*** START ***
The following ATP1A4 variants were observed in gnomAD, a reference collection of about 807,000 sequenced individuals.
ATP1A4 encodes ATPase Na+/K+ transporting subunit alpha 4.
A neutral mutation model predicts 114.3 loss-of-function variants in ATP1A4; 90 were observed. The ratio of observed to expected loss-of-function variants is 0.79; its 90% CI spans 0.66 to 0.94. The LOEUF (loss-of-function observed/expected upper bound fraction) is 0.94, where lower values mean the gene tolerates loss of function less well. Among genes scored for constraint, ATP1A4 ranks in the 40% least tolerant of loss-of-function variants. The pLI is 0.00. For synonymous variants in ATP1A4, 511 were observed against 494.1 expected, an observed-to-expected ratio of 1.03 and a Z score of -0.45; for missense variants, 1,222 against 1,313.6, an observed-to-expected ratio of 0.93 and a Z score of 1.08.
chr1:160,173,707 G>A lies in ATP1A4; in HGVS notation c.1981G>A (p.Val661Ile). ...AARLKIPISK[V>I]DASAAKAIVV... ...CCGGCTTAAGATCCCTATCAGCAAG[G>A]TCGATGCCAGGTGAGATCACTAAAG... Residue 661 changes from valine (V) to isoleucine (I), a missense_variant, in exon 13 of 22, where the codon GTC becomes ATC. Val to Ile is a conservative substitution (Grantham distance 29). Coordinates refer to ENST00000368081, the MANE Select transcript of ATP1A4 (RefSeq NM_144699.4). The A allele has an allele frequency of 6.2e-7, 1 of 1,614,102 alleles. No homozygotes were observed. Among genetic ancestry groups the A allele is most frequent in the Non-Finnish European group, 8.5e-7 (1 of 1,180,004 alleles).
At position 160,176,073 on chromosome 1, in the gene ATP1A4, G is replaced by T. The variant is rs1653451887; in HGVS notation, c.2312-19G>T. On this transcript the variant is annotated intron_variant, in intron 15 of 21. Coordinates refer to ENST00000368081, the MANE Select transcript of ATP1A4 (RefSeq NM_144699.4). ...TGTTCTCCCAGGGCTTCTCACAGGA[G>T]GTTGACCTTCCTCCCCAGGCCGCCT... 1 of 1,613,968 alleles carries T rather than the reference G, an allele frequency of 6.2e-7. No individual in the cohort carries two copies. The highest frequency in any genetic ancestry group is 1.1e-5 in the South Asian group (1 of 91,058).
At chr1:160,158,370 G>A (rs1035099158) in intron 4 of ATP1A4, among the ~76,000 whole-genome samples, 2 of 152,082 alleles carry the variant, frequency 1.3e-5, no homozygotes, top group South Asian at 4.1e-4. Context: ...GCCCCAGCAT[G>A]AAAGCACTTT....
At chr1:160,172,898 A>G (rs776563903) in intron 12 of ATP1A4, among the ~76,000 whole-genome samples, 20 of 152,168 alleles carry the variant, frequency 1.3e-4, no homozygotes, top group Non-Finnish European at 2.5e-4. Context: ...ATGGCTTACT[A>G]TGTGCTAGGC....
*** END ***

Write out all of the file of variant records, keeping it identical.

The following ATP1A4 variants were observed in gnomAD, a reference collection of about 807,000 sequenced individuals.
ATP1A4 encodes ATPase Na+/K+ transporting subunit alpha 4.
A neutral mutation model predicts 114.3 loss-of-function variants in ATP1A4; 90 were observed. The ratio of observed to expected loss-of-function variants is 0.79; its 90% CI spans 0.66 to 0.94. The LOEUF (loss-of-function observed/expected upper bound fraction) is 0.94, where lower values mean the gene tolerates loss of function less well. Among genes scored for constraint, ATP1A4 ranks in the 40% least tolerant of loss-of-function variants. The pLI is 0.00. For synonymous variants in ATP1A4, 511 were observed against 494.1 expected, an observed-to-expected ratio of 1.03 and a Z score of -0.45; for missense variants, 1,222 against 1,313.6, an observed-to-expected ratio of 0.93 and a Z score of 1.08.
chr1:160,173,707 G>A lies in ATP1A4; in HGVS notation c.1981G>A (p.Val661Ile). ...AARLKIPISK[V>I]DASAAKAIVV... ...CCGGCTTAAGATCCCTATCAGCAAG[G>A]TCGATGCCAGGTGAGATCACTAAAG... Residue 661 changes from valine (V) to isoleucine (I), a missense_variant, in exon 13 of 22, where the codon GTC becomes ATC. Val to Ile is a conservative substitution (Grantham distance 29). Coordinates refer to ENST00000368081, the MANE Select transcript of ATP1A4 (RefSeq NM_144699.4). The A allele has an allele frequency of 6.2e-7, 1 of 1,614,102 alleles. No homozygotes were observed. Among genetic ancestry groups the A allele is most frequent in the Non-Finnish European group, 8.5e-7 (1 of 1,180,004 alleles).
At position 160,176,073 on chromosome 1, in the gene ATP1A4, G is replaced by T. The variant is rs1653451887; in HGVS notation, c.2312-19G>T. On this transcript the variant is annotated intron_variant, in intron 15 of 21. Coordinates refer to ENST00000368081, the MANE Select transcript of ATP1A4 (RefSeq NM_144699.4). ...TGTTCTCCCAGGGCTTCTCACAGGA[G>T]GTTGACCTTCCTCCCCAGGCCGCCT... 1 of 1,613,968 alleles carries T rather than the reference G, an allele frequency of 6.2e-7. No individual in the cohort carries two copies. The highest frequency in any genetic ancestry group is 1.1e-5 in the South Asian group (1 of 91,058).
At chr1:160,158,370 G>A (rs1035099158) in intron 4 of ATP1A4, among the ~76,000 whole-genome samples, 2 of 152,082 alleles carry the variant, frequency 1.3e-5, no homozygotes, top group South Asian at 4.1e-4. Context: ...GCCCCAGCAT[G>A]AAAGCACTTT....
At chr1:160,172,898 A>G (rs776563903) in intron 12 of ATP1A4, among the ~76,000 whole-genome samples, 20 of 152,168 alleles carry the variant, frequency 1.3e-4, no homozygotes, top group Non-Finnish European at 2.5e-4. Context: ...ATGGCTTACT[A>G]TGTGCTAGGC....